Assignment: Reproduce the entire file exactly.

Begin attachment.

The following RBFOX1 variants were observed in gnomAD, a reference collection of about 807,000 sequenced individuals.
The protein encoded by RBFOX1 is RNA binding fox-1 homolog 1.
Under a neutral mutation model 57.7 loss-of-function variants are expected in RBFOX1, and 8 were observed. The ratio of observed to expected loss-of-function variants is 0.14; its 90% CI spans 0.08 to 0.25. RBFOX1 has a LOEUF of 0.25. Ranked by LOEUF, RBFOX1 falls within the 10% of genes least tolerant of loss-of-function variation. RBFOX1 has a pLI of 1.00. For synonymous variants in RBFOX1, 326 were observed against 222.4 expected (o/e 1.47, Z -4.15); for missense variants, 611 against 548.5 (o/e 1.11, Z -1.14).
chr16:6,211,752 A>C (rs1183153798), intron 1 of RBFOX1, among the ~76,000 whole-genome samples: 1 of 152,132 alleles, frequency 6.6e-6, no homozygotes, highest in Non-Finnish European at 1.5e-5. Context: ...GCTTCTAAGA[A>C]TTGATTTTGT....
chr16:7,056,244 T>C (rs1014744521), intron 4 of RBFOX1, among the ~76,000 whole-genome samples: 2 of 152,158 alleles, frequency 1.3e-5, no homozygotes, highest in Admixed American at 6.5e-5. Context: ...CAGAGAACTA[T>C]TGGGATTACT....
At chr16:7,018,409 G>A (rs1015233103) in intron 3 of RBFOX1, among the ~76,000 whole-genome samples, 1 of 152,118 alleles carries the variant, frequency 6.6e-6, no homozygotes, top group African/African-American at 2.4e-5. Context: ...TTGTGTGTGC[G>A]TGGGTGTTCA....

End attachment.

The following RBFOX1 variants were observed in gnomAD, a reference collection of about 807,000 sequenced individuals.
The protein encoded by RBFOX1 is RNA binding fox-1 homolog 1.
Under a neutral mutation model 57.7 loss-of-function variants are expected in RBFOX1, and 8 were observed. The ratio of observed to expected loss-of-function variants is 0.14; its 90% CI spans 0.08 to 0.25. RBFOX1 has a LOEUF of 0.25. Ranked by LOEUF, RBFOX1 falls within the 10% of genes least tolerant of loss-of-function variation. RBFOX1 has a pLI of 1.00. For synonymous variants in RBFOX1, 326 were observed against 222.4 expected (o/e 1.47, Z -4.15); for missense variants, 611 against 548.5 (o/e 1.11, Z -1.14).
chr16:6,211,752 A>C (rs1183153798), intron 1 of RBFOX1, among the ~76,000 whole-genome samples: 1 of 152,132 alleles, frequency 6.6e-6, no homozygotes, highest in Non-Finnish European at 1.5e-5. Context: ...GCTTCTAAGA[A>C]TTGATTTTGT....
chr16:7,056,244 T>C (rs1014744521), intron 4 of RBFOX1, among the ~76,000 whole-genome samples: 2 of 152,158 alleles, frequency 1.3e-5, no homozygotes, highest in Admixed American at 6.5e-5. Context: ...CAGAGAACTA[T>C]TGGGATTACT....
At chr16:7,018,409 G>A (rs1015233103) in intron 3 of RBFOX1, among the ~76,000 whole-genome samples, 1 of 152,118 alleles carries the variant, frequency 6.6e-6, no homozygotes, top group African/African-American at 2.4e-5. Context: ...TTGTGTGTGC[G>A]TGGGTGTTCA....